The law [SB 2922]– which came into effect yesterday (July 1, 2019), stipulates that, “A plant-based or insect-based food product shall not be labeled as meat or a meat food product,” and that, “A food product that contains cultured animal tissue produced from animal cell cultures outside of the organism from which it is derived shall not be labeled as meat or a meat food product.”
The ban provides no exceptions for using ‘meaty’ terms with qualifiers, such as ‘meatless meatballs,’ or ‘plant-based jerky’ and “only serves to create consumer confusion where none previously existed,” claim the PBFA and Upton’s Naturals in a complaint filed vs Mississippi governor Phil Bryant and agriculture and commerce commissioner Andy Gipson.
No reasonable consumer is confused by 'vegan bacon'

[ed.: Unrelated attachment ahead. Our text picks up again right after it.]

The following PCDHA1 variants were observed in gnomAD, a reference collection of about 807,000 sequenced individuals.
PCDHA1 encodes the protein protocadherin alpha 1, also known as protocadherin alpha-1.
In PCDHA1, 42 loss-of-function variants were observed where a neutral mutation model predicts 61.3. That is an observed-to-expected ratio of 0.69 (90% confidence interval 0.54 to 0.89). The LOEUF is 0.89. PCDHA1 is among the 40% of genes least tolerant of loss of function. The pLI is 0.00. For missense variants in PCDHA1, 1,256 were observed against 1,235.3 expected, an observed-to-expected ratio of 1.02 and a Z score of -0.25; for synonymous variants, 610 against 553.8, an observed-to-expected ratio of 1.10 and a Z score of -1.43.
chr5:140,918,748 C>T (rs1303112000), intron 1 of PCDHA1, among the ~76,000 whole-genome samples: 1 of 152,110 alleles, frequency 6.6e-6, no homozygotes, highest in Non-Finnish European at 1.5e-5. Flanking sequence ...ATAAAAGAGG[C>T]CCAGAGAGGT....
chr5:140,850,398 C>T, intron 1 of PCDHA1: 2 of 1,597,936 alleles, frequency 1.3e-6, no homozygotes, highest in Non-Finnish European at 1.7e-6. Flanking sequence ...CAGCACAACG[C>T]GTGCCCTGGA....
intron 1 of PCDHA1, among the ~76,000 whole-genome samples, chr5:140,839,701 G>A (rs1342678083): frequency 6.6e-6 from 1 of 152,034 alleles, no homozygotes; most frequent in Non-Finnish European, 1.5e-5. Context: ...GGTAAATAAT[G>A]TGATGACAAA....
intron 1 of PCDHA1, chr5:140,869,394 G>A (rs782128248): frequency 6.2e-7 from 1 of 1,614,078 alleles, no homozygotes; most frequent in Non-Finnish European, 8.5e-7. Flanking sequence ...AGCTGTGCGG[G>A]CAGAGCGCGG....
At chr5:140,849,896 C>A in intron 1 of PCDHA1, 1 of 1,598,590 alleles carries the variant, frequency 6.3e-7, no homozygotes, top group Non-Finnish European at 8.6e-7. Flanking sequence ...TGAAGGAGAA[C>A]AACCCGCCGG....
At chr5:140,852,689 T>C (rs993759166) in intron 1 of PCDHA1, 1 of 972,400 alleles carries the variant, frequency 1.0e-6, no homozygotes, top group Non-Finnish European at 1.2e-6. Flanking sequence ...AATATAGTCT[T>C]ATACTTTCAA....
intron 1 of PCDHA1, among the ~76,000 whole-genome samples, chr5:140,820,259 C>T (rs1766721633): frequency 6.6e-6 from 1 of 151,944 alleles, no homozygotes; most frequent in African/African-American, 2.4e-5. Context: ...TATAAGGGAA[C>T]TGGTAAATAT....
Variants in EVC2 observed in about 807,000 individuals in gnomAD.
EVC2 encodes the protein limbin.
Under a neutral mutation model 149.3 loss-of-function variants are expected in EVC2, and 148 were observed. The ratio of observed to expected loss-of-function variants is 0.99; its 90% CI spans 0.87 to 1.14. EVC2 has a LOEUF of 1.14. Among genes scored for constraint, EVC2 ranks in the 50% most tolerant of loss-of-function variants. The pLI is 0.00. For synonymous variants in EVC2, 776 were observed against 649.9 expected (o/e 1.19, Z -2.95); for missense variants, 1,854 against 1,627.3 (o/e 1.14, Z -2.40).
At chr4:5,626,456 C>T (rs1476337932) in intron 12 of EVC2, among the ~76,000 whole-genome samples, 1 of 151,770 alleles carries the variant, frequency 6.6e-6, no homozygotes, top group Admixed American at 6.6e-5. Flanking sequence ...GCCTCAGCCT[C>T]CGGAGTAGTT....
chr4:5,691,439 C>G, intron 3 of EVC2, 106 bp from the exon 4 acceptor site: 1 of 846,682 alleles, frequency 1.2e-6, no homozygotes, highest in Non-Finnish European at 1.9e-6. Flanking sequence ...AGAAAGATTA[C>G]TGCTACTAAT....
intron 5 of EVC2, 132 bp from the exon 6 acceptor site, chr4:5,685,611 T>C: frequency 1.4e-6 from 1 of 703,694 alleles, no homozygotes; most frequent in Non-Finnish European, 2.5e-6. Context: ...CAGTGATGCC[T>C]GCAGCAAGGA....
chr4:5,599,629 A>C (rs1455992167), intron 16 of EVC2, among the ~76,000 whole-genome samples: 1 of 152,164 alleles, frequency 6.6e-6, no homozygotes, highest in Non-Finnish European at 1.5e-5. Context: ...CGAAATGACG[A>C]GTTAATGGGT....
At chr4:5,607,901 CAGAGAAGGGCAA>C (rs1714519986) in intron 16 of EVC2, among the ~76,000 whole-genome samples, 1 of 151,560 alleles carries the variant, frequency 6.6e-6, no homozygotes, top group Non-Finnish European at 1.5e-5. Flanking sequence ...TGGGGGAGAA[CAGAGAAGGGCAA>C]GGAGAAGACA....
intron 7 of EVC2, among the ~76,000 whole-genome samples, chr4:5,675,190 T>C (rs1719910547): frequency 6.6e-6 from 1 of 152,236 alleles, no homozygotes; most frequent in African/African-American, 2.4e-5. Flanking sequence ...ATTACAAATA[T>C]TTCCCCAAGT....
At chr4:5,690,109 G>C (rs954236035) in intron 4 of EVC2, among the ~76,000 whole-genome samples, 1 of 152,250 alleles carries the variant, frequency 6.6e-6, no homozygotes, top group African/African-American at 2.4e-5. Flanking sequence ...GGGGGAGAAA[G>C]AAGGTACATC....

“In order to describe the foods in the clearest possible manner, Upton’s Naturals uses meat and meat product terms as part of the descriptions on its labels [eg. ‘vegan burgers,’ ‘vegan bacon’ and ‘vegan chorizo’],” says the lawsuit, which argued that banning terms such as ‘plant-based jerky’ “would fail any level of First Amendment scrutiny.”
“No reasonable consumer would be misled by the way Upton’s Naturals uses these terms.”
Plant-based companies are not trying to fool shoppers into thinking they are eating animal flesh, it added: “It would be a disaster for Upton’s Naturals if the public were to think that the company has started selling meat.”
Law is designed to protect the meat industry, not consumers